While conducting almost 30 Train-the-Trainer seminars over the world, I discovered a dilemma. Bronchoscopists rarely practice crisis management, especially when the crisis is caused by a bronchoscopy-related adverse event. It’s a fact; generally-speaking, that bronchoscopists rarely, if ever, practice how to manage procedure-related complications in the bronchoscopy suite.
While it is true that flexible bronchoscopy is usually safe, complications can and do occasionally occur. These include but are not limited to respiratory insufficiency caused by over-sedation, biopsy-related bleeding, pneumothorax, respiratory insufficiency from hypoxemia, hypercapnia or underlying lung disease, medication-related seizures, cardiac dysrhythmias or cardiac arrest, and very rarely death.
Bronchoscopists are not alone when managing these complications. They are the leaders of a team of nurses, technicians, and other health-care providers called to the bedside in case of an emergency, and everyone agrees, I am sure, that medical emergencies are best handled by an experienced and well-trained team.
There are many reasons why bronchoscopists and their teams are not regularly practicing crisis management. Some are lack of administrative oversight, lack of institutional quality control and complication management mandates, time constraints, the rarity of procedure-related adverse events, the absence of objective measures with which to measure competency, and the unfair presumption of personal expertise and emergency preparedness.
We know practice does not make perfect…rather, perfect practice makes perfect. Our patients expect us to be prepared for emergencies, to respond to emergencies appropriately, and to be accountable for our actions. To avoid accusations of negligence or malpractice, bronchoscopists should have a strategy in place in case of a procedure-related complication. They should be able to respond to the complication appropriately and according to a reasonably acceptable standard of care, and they must assure the result of that response is in accordance with expected outcomes, standard of care, and published results by colleagues.
To put it simply, standard of care is a level of care delivered by similarly trained physicians providing care in a similar environment and in a similar situation. When it comes to procedure-related complications, standard of care relates not only to a physician’s behaviors, but also to the training, preparedness and behaviors of the bronchoscopy team. For these reasons, bronchoscopists must be well-trained, and able to ensure their team responds to complications appropriately, effectively, and in ways that maximize patient safety and well-being.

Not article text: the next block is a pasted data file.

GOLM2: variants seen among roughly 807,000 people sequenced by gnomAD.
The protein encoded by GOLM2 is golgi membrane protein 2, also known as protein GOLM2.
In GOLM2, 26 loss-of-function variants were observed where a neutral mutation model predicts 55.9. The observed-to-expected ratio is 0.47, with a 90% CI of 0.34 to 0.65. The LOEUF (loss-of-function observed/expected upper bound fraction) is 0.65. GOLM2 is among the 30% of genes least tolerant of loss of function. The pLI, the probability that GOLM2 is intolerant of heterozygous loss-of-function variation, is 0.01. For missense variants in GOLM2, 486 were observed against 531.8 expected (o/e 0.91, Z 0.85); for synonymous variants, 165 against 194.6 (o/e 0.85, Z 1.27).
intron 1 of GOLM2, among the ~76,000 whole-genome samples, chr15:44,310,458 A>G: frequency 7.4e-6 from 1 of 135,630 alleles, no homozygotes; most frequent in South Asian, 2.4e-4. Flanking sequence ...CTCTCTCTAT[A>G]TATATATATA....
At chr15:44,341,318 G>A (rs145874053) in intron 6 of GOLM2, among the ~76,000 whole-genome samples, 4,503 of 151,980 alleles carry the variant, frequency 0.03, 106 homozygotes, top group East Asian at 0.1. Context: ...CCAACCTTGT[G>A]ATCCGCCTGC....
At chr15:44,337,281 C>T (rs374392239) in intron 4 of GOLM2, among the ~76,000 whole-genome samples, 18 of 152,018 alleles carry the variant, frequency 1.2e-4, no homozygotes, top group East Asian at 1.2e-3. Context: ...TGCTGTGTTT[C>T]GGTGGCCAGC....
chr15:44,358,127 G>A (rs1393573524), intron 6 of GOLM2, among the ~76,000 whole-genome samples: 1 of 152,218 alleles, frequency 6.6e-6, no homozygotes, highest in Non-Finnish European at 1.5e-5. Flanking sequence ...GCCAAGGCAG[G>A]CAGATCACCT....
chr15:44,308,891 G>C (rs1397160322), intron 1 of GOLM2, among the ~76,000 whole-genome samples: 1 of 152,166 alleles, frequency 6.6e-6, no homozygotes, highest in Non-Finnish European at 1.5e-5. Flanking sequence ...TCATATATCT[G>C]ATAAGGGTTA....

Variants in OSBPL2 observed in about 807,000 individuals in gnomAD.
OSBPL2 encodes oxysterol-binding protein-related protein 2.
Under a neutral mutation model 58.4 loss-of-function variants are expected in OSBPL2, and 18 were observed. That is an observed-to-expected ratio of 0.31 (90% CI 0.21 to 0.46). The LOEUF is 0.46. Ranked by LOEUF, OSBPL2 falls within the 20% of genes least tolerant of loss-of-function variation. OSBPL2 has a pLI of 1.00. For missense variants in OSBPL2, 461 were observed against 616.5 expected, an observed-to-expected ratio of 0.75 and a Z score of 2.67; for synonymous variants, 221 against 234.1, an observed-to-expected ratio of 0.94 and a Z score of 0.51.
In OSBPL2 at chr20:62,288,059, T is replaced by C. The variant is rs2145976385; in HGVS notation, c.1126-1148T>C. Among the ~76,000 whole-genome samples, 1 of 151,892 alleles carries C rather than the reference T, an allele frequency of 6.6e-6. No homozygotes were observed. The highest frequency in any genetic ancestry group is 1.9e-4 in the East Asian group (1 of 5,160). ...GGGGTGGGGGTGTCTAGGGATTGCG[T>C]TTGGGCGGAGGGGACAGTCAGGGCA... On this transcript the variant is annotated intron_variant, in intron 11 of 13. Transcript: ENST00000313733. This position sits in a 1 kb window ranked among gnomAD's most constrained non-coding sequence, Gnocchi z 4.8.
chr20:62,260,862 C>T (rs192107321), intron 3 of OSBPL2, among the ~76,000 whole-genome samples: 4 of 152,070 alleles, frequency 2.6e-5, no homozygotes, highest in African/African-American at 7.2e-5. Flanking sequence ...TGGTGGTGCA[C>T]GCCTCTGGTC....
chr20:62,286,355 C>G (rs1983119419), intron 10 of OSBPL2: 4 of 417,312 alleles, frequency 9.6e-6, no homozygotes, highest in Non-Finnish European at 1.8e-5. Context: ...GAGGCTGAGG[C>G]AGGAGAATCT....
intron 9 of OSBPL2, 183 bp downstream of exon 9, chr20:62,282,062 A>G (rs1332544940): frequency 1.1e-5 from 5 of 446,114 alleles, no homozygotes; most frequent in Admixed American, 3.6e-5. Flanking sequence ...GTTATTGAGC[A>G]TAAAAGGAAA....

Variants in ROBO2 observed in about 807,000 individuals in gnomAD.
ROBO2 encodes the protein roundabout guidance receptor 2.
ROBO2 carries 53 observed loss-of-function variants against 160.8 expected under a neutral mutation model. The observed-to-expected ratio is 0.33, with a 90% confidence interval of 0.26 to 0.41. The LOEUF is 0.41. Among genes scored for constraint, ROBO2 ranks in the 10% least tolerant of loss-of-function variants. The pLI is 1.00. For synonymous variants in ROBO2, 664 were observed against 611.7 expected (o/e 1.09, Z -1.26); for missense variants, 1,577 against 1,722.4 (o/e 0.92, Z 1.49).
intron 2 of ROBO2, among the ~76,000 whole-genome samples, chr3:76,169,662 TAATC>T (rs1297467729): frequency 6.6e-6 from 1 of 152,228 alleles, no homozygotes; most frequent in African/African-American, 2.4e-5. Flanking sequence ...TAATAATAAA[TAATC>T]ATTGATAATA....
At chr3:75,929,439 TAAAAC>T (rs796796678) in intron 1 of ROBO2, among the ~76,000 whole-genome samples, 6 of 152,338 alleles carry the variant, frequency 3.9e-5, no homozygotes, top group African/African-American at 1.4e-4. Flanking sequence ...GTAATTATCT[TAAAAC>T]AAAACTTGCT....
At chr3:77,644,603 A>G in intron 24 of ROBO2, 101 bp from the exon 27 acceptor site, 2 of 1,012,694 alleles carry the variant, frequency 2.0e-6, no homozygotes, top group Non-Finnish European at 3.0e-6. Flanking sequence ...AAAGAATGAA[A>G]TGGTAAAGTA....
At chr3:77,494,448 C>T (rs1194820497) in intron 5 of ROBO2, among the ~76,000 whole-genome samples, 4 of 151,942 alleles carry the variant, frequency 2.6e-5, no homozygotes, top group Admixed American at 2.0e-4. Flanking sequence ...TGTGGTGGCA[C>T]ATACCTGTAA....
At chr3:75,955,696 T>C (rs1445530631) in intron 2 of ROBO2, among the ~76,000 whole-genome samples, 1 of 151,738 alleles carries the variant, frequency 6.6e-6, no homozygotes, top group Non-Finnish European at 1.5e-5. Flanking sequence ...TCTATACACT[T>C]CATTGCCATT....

Being prepared for complications requires practice. Identifying organizational weaknesses, system errors, and documenting sentinel events leads to troubleshooting areas that may require additional focus or training. Such remedial actions reduce anxiety, enhance confidence, and provide a good example for students, ancillary staff, and trainees. It also improves quality of care, especially when checklists, clinical pathways and database quality of care database tools are used.
Incorporating a competency-based assessment such as the new and validated ICC-STAT (Intercostal catheter skills and task assessment tool-downloadable from www.bronchoscopy.org) provides an opportunity to guarantee, for example, that chest tube insertion (which could be necessary in case of procedure-related pneumothorax) is performed according to a reasonable and globally acceptable standard of care. By practicing chest tube insertion in a simulated environment, bronchoscopists and their teams assure that emergency equipment is available, the team knows where to find the equipment, appropriate drugs, instruments and capital equipment are used correctly, patient assessments are consistently performed, and monitoring is done accurately. Setting aside time to practice with the team and documenting that such practice occurs is an important step toward quality improvement and assuring an appropriate and effective response to procedure-related complications. As a friend of mine once taught, “There should be no surprises in the procedure suite.”
Our patients expect no less.